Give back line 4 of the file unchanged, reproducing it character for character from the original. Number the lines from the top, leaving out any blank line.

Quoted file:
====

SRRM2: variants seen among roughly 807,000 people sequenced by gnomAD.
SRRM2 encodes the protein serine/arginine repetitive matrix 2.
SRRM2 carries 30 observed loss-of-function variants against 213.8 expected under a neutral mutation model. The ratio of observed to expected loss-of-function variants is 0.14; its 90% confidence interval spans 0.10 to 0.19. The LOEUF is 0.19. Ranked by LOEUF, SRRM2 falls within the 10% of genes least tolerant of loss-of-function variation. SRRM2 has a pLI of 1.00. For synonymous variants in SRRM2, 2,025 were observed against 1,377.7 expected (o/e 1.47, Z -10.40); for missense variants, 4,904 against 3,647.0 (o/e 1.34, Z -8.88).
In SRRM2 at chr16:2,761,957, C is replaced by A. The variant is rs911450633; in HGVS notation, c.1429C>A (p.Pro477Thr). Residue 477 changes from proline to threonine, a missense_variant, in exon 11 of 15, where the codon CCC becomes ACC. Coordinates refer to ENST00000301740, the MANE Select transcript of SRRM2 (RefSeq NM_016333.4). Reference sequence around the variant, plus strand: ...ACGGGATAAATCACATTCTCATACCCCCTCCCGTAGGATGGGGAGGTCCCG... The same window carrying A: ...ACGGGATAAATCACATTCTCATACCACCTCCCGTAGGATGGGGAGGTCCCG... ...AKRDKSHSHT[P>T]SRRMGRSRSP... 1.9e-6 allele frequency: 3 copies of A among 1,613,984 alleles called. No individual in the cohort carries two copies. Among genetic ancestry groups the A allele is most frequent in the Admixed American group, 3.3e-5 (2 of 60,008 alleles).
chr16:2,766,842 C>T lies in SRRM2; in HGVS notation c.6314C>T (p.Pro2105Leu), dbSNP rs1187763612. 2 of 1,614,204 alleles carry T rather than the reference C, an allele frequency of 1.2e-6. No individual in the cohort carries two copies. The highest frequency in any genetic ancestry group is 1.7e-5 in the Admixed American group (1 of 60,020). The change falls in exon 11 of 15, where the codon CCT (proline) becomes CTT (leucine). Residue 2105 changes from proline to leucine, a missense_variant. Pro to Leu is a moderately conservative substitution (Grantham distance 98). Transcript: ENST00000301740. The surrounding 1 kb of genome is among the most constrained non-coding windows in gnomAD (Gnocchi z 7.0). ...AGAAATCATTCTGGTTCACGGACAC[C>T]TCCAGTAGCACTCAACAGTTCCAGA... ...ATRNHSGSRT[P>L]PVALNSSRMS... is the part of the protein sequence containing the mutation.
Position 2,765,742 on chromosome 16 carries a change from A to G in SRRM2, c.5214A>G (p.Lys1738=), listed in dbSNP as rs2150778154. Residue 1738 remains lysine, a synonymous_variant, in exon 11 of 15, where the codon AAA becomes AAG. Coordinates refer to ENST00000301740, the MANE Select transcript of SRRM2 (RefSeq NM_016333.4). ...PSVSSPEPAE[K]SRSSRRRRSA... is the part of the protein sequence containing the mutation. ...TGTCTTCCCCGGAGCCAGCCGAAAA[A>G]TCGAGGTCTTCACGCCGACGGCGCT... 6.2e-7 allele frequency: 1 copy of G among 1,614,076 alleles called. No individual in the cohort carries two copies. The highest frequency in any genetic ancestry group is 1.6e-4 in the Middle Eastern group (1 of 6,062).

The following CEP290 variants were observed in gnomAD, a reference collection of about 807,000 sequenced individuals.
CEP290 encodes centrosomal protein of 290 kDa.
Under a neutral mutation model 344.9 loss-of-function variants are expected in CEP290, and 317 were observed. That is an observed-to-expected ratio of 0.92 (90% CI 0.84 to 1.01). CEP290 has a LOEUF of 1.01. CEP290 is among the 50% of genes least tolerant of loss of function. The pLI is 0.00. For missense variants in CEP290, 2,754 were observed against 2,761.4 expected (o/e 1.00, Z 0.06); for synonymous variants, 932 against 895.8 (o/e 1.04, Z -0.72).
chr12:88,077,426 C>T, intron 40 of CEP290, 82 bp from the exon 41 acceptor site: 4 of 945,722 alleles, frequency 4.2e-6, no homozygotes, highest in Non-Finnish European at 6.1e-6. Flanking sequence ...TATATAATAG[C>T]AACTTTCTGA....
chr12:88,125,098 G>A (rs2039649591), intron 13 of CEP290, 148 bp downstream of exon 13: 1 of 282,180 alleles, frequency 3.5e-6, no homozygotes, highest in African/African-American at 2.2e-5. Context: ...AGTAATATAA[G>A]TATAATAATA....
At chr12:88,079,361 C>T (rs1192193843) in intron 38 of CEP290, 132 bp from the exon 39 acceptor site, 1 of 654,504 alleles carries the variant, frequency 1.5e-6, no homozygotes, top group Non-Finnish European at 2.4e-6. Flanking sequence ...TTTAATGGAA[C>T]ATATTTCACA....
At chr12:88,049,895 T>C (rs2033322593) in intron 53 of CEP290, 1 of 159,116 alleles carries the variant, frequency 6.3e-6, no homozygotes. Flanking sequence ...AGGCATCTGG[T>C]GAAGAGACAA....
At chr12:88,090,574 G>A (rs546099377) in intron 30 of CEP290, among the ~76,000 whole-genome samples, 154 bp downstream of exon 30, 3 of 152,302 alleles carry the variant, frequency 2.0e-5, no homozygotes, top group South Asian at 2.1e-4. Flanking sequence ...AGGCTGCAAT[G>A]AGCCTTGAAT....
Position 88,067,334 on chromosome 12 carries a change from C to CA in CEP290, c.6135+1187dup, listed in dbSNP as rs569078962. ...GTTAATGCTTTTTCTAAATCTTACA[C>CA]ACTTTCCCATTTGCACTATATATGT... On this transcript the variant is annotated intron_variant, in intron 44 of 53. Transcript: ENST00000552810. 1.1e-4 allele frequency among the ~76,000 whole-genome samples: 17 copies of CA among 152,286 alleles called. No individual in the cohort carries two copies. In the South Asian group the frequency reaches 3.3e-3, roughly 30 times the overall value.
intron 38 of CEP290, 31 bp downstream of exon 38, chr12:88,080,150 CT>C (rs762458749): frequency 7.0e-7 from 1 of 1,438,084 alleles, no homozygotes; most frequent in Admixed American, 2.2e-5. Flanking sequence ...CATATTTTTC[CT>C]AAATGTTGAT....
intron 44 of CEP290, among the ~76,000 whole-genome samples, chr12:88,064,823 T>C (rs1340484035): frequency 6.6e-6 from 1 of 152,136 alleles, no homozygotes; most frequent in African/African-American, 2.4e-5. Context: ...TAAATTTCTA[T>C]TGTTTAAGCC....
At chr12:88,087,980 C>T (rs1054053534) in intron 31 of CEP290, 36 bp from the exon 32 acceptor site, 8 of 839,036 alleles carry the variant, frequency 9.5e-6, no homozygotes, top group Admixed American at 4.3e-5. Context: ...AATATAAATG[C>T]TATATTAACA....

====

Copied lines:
In SRRM2 at chr16:2,761,957, C is replaced by A. The variant is rs911450633; in HGVS notation, c.1429C>A (p.Pro477Thr). Residue 477 changes from proline to threonine, a missense_variant, in exon 11 of 15, where the codon CCC becomes ACC. Coordinates refer to ENST00000301740, the MANE Select transcript of SRRM2 (RefSeq NM_016333.4). Reference sequence around the variant, plus strand: ...ACGGGATAAATCACATTCTCATACCCCCTCCCGTAGGATGGGGAGGTCCCG... The same window carrying A: ...ACGGGATAAATCACATTCTCATACCACCTCCCGTAGGATGGGGAGGTCCCG... ...AKRDKSHSHT[P>T]SRRMGRSRSP... 1.9e-6 allele frequency: 3 copies of A among 1,613,984 alleles called. No individual in the cohort carries two copies. Among genetic ancestry groups the A allele is most frequent in the Admixed American group, 3.3e-5 (2 of 60,008 alleles).